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here is the simple module program code.

#include <linux/module.h>   /* Needed by all modules */
#include <linux/kernel.h>   /* Needed for KERN_INFO */
#include <linux/init.h>     /* Needed for the macros */

static int hello3_data __initdata = 3;

static int __init hello_3_init(void)
    printk(KERN_INFO "Hello, world %d\n", hello3_data);
    return 0;

static void __exit hello_3_exit(void)
    printk(KERN_INFO "Goodbye, world %d\n",hello3_data);


I've initialized a variable with __initdata macro and a function with __init. when I did insmod the module was inserted and i was able to see the log message(/var/log/messages). But, when I did rmmod it was unable to remove it, and it says Resource busy.

My question is does the `modules_init` function cleans the memory of `hello3_data`??

or it is done by `module_exit`??.  

Someone please explain.

share|improve this question
up vote 3 down vote accepted

Please when declaring the varialble hello3_data you're using the __initdata modifier which specifies that the variable shall be used in only the __init function.

Try recompile your kernel module with options like make CONFIG_DEBUG_SECTION_MISMATCH=y and you shall see warnings like this:

WARNING: /home/pengyu/temp/yusen/test_mod.o(.exit.text+0x3): Section mismatch in reference from the function cleanup_module() to the variable
The function __exit cleanup_module() references a variable __initdata hello3_data.
This is often seen when error handling in the exit function uses functionality in the init path.
The fix is often to remove the __initdata annotation of hello3_data so it may be used outside an init section.

You could simply remove __initdata and try again.


Here I'm trying to provide further explanations. The kernel module itself is in the format of ELF (Executable and Linkable Format) (with some kernel-module-specific sections). Feature of the .init and .fini sections is supported by the linkers and loaders including insmod.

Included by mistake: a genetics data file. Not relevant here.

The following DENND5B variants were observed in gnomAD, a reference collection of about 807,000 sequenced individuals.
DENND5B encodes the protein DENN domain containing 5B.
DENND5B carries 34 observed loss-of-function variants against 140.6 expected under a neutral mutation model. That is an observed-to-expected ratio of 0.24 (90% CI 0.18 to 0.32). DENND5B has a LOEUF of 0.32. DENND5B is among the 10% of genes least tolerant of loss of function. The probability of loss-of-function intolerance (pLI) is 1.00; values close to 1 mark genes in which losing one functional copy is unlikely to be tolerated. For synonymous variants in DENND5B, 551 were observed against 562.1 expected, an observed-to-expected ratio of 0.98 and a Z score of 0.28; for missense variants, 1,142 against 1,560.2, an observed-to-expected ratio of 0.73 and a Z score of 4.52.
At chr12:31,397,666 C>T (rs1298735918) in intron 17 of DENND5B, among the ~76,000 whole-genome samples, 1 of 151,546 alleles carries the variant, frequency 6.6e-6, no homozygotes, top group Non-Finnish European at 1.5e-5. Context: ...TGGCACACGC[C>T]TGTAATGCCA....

In this case the attribute #define __initdata __section( works like __attribute__((section(""))) which explicitly specifies which section the data/function shall be put in.

As a kernel module the section of .init is not guaranteed to be kept after module initialization, and anything inside that section is not supposed to be referenced outside the initialization function. See page 31 of Linux Device Drivers, Third Edition:

The _init token in the definition may look a little strange; it is a hint to the kernel that the given function is used only at initialization time. The module loader drops the initialization function after the module is loaded, making its memory available for other uses. There is a similar tag (_initdata)for data used only during initialization. Use of __init and __initdata is optional, but it is worth the trouble. Just be sure not to use them for any function (or data structure)you will be using after initialization completes

share|improve this answer
Thanks. that's what I wanted to know. BTW it is written in /linux/init.h that #define __initdata __section(, can you elaborate it, how does the kernel know it has to be used in __init function only. – Raju Kundhe Nov 13 '13 at 9:59
@RajuKundhe Please see my newly edited answer. – starrify Nov 13 '13 at 11:08
Thank You very much. that helped.!! – Raju Kundhe Nov 13 '13 at 11:51

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